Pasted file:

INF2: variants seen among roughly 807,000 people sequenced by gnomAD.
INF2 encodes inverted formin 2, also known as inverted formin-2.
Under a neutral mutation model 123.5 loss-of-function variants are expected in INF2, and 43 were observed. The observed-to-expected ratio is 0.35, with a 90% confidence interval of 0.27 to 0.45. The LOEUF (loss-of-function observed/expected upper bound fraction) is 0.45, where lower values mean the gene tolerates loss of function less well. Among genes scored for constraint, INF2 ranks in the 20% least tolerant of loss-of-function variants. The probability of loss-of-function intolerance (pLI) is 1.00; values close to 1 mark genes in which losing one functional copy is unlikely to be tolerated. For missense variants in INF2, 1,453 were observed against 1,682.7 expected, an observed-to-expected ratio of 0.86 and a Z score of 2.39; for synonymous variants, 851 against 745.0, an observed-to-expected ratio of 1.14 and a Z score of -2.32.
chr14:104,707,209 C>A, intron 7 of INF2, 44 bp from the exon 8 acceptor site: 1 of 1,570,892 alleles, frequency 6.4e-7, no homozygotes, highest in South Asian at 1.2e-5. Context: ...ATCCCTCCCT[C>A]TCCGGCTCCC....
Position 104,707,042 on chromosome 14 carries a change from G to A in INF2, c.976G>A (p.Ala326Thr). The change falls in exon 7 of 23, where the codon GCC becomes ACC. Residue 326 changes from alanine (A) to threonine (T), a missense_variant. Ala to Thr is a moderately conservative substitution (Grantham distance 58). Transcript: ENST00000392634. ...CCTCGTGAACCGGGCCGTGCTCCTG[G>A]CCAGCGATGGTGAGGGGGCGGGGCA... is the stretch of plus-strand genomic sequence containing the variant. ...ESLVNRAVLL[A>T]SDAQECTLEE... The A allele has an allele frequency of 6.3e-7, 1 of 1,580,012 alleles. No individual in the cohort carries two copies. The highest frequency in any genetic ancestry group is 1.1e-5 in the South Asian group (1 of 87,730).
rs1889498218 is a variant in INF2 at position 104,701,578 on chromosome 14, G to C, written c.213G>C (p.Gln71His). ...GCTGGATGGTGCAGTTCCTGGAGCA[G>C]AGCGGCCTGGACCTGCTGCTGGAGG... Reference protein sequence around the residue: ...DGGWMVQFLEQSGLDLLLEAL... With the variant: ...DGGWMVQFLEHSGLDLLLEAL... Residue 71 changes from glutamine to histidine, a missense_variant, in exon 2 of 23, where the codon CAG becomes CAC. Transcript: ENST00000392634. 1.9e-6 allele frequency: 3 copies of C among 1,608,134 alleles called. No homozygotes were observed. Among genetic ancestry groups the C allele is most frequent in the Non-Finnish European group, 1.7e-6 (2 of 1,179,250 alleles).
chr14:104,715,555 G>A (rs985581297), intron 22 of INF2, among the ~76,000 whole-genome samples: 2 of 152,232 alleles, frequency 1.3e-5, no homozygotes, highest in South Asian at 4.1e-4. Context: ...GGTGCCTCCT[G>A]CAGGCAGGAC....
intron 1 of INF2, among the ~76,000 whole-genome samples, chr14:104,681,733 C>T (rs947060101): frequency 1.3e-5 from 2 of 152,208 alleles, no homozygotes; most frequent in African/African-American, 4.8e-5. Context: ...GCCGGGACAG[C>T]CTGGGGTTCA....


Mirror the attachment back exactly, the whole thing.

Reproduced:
INF2: variants seen among roughly 807,000 people sequenced by gnomAD.
INF2 encodes inverted formin 2, also known as inverted formin-2.
Under a neutral mutation model 123.5 loss-of-function variants are expected in INF2, and 43 were observed. The observed-to-expected ratio is 0.35, with a 90% confidence interval of 0.27 to 0.45. The LOEUF (loss-of-function observed/expected upper bound fraction) is 0.45, where lower values mean the gene tolerates loss of function less well. Among genes scored for constraint, INF2 ranks in the 20% least tolerant of loss-of-function variants. The probability of loss-of-function intolerance (pLI) is 1.00; values close to 1 mark genes in which losing one functional copy is unlikely to be tolerated. For missense variants in INF2, 1,453 were observed against 1,682.7 expected, an observed-to-expected ratio of 0.86 and a Z score of 2.39; for synonymous variants, 851 against 745.0, an observed-to-expected ratio of 1.14 and a Z score of -2.32.
chr14:104,707,209 C>A, intron 7 of INF2, 44 bp from the exon 8 acceptor site: 1 of 1,570,892 alleles, frequency 6.4e-7, no homozygotes, highest in South Asian at 1.2e-5. Context: ...ATCCCTCCCT[C>A]TCCGGCTCCC....
Position 104,707,042 on chromosome 14 carries a change from G to A in INF2, c.976G>A (p.Ala326Thr). The change falls in exon 7 of 23, where the codon GCC becomes ACC. Residue 326 changes from alanine (A) to threonine (T), a missense_variant. Ala to Thr is a moderately conservative substitution (Grantham distance 58). Transcript: ENST00000392634. ...CCTCGTGAACCGGGCCGTGCTCCTG[G>A]CCAGCGATGGTGAGGGGGCGGGGCA... is the stretch of plus-strand genomic sequence containing the variant. ...ESLVNRAVLL[A>T]SDAQECTLEE... The A allele has an allele frequency of 6.3e-7, 1 of 1,580,012 alleles. No individual in the cohort carries two copies. The highest frequency in any genetic ancestry group is 1.1e-5 in the South Asian group (1 of 87,730).
rs1889498218 is a variant in INF2 at position 104,701,578 on chromosome 14, G to C, written c.213G>C (p.Gln71His). ...GCTGGATGGTGCAGTTCCTGGAGCA[G>C]AGCGGCCTGGACCTGCTGCTGGAGG... Reference protein sequence around the residue: ...DGGWMVQFLEQSGLDLLLEAL... With the variant: ...DGGWMVQFLEHSGLDLLLEAL... Residue 71 changes from glutamine to histidine, a missense_variant, in exon 2 of 23, where the codon CAG becomes CAC. Transcript: ENST00000392634. 1.9e-6 allele frequency: 3 copies of C among 1,608,134 alleles called. No homozygotes were observed. Among genetic ancestry groups the C allele is most frequent in the Non-Finnish European group, 1.7e-6 (2 of 1,179,250 alleles).
chr14:104,715,555 G>A (rs985581297), intron 22 of INF2, among the ~76,000 whole-genome samples: 2 of 152,232 alleles, frequency 1.3e-5, no homozygotes, highest in South Asian at 4.1e-4. Context: ...GGTGCCTCCT[G>A]CAGGCAGGAC....
intron 1 of INF2, among the ~76,000 whole-genome samples, chr14:104,681,733 C>T (rs947060101): frequency 1.3e-5 from 2 of 152,208 alleles, no homozygotes; most frequent in African/African-American, 4.8e-5. Context: ...GCCGGGACAG[C>T]CTGGGGTTCA....